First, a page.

Benchmark 2: Measures of candidates’ progress throughout coursework in acquiring an expanded knowledge base, dispositions, and the skills to effectively execute what they know in support of improving performance of their given organizations and effectively leading diverse communities in their given contexts. Benchmark 2 includes faculty mutually agreed upon signature assignments, student work product samples and portfolios, transcripts, and Annual and Biennial Reports. An important measure for initial elementary and secondary teacher candidates is the Fresno Assessment of Student Teachers (FAST), a locally designed, state-approved Teacher Performance Assessment (TPA). Advanced programs also use graduate writing requirements and qualifying and comprehensive exams to measure candidate progress.
Benchmark 3: Measures of candidates’ performance in a clinical or fieldwork setting. Various assessment activities in alignment with program goals and objectives are used to assess candidates’ performance in the field. Observations of teaching performance during field experiences are used in initial teacher preparation. Embedded fieldwork is also a signature pedagogy used in advanced programs, and fieldwork assignments are conducted in collaboration with fieldwork clients. Master’s projects, thesis, comprehensive exams and doctoral dissertations relate to what is happening at the ground level in the field.
Benchmark 4: Candidate feedback during and upon program completion, and graduate and employer feedback after at least one year after program completion. All initial teacher candidates complete an exit survey and the Center for Teacher Quality surveys initial program graduates and their employment supervisors after the graduates have taught for one year. Each advanced program SOAP includes a plan for soliciting feedback from program graduates and employers.
Benchmark 5: Activities that support the unit in better understanding some of the antecedents to excellence. Scholarship of Teaching and Scholarship of Application are two critical aspects for tenure and promotion at Fresno State. Teaching effectiveness is highly valued at the University and within in the unit.
Outcome Measures Phase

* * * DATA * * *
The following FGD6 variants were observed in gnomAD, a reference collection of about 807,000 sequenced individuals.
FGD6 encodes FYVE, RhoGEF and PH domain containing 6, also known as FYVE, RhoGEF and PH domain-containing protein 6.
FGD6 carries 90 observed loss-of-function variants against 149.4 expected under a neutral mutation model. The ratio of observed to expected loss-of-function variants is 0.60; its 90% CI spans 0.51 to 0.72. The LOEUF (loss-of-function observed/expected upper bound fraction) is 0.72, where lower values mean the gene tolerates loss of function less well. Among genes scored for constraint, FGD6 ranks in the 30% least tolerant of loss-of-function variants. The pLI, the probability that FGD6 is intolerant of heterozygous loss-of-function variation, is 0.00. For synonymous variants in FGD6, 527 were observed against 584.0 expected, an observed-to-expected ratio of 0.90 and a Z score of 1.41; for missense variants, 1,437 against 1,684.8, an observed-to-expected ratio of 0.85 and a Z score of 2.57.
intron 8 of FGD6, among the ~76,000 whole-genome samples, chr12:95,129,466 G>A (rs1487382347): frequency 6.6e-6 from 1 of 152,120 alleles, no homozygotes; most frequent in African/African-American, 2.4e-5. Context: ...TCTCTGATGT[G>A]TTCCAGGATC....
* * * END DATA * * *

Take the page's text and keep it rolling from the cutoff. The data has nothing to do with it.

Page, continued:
The Outcome Measures area of KLASSI depicts how we measure success in preparing ideal gradates/educators who (a) use an expanded knowledge base and relevant skills to effectively execute what they know to improve their organization, (b) demonstrate knowledge and skill to effectively teach and lead diverse communities in their given context, (c) reflect on their professional practice, think critically, and skillfully analyze situations and execute appropriately aligned actions that accelerate growth and achievement in their organization, (d) demonstrate ethnical decision-making, (e) effectively work with diverse populations and deploy actions that demonstrate valuing of cultural, linguistic, cognitive, and physiological diversity, (f) effectively collaborate with colleagues and the larger educational community, and (g) deploy actions that demonstrate a commitment to lifelong learning about the profession.
Closing the Loop Phase
Closing the Loop is the second part to the Processes Phase and depicts the venues used for data and information dissemination, analysis, discussion, debate, comparison of results to outcomes with the intended purpose of driving meaningful reflection, learning, and change for continuous improvement.
Throughout the cyclical process, data are changed into information to enable all levels of the system (candidate, program, unit) to identify areas of strength and areas for growth and improvement. These identified areas inform next steps and drive future decisions (i.e. whether to change a process, course, or program or shift allocation of resources)